In recent years, I’ve often advised post docs to look far beyond the academy, particularly in hard science fields where the skill sets can command high compensation packages in the private sector. However, there are a lot of folks for whom the lure of a tenure-track faculty position and the requisite freedom to pursue one’s own intellectual interests is too important. For them, I am writing these blog posts.
There are a number of gate posts to get through before a job offer appears. Some of them are obvious, some of them are occult. Let’s deal with the latter first: it is almost impossible to know when a recommender is in fact not recommending you. In my own career, I had one individual sheepishly admit after years that he had been anti-recommending me for junior faculty positions while leading me to believe otherwise. His grudge was fairly trivial–but it was enough for him to decide that a faculty job was not for me. So it’s extremely important to develop a coterie of individuals who you absolutely trust to back your job search to the hilt. As I tell my students: ask them face-to-face if they can write you an A+ recommendation. Usually that elicits the truth. And unless they agree to A+, they are off the list.
Another gate post is the Zoom, short-list, interview. This is the gatepost that gains you an invitation to visit campus. Most of us, even two years into a pandemic, are still not at our best on Zoom. And that’s even without technical glitches. So there is a lot of luck at this stage. Still, the key thing is to distill their questions into coherent and clear answers that signal two things: first, your collegiality and willingness to ‘play nicely with others’ and second, your potential for research productivity aligned with. where you see the hiring department’s strategic interests are. The latter of course requires some detective work on your part since this isn’t likely to be entirely obvious–although if you carefully read the job ad, there will probably be a clue. In any case, those are the two key items for the Zoom.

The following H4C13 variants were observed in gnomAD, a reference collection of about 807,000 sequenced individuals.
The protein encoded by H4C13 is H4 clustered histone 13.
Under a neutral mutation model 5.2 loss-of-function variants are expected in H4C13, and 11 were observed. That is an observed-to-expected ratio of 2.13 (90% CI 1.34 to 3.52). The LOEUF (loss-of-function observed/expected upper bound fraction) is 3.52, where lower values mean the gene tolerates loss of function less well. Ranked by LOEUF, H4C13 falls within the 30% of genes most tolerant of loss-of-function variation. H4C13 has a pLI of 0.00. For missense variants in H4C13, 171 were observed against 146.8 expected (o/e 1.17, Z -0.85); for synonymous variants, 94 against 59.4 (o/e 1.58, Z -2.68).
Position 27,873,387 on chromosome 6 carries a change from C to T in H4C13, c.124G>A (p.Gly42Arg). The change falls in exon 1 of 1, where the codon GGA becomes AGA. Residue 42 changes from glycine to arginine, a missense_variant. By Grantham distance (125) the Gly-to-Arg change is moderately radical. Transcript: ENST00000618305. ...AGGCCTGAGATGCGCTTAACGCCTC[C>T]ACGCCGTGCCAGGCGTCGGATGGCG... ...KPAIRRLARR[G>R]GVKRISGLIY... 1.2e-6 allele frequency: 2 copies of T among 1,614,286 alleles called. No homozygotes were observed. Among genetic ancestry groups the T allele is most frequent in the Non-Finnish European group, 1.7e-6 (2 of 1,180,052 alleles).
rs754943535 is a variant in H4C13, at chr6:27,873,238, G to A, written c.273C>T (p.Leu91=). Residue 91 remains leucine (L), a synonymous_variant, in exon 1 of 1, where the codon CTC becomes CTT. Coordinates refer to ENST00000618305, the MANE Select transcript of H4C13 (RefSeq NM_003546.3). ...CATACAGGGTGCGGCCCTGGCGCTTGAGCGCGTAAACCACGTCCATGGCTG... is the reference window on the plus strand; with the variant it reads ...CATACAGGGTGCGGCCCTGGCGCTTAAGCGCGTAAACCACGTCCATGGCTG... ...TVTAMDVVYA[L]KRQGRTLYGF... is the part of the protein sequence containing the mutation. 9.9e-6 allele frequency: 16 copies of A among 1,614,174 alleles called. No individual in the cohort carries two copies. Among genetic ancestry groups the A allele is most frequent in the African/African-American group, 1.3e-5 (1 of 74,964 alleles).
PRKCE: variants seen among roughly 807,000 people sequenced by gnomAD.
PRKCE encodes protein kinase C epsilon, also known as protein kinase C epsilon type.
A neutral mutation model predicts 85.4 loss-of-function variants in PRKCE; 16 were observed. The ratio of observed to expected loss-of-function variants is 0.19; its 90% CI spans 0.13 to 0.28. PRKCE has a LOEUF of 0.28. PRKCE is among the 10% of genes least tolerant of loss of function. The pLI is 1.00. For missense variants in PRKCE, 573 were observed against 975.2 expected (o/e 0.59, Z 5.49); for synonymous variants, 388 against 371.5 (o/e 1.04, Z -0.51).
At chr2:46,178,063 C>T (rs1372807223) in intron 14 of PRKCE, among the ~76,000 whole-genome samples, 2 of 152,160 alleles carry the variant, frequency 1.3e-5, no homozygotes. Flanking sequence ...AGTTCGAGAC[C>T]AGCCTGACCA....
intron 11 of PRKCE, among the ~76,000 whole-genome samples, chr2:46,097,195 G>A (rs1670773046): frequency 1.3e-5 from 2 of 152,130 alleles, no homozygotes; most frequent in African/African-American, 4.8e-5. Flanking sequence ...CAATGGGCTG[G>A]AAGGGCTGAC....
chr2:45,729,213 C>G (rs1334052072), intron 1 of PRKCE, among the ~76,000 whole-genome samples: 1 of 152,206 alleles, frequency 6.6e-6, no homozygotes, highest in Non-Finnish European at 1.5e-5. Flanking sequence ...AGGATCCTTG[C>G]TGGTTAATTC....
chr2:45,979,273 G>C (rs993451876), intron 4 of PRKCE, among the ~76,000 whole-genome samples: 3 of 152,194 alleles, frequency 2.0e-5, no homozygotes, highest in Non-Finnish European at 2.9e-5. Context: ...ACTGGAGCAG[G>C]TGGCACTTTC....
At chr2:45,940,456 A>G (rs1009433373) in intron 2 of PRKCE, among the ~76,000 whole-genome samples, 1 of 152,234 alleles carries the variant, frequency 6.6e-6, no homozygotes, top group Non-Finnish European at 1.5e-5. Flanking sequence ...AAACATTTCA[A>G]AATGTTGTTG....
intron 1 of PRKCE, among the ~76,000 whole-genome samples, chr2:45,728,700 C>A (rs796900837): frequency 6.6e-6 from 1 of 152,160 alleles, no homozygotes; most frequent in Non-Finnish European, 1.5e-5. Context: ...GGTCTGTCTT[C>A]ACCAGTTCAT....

The visit to the campus is the most complex. It deserves its own blog post. Stay tuned.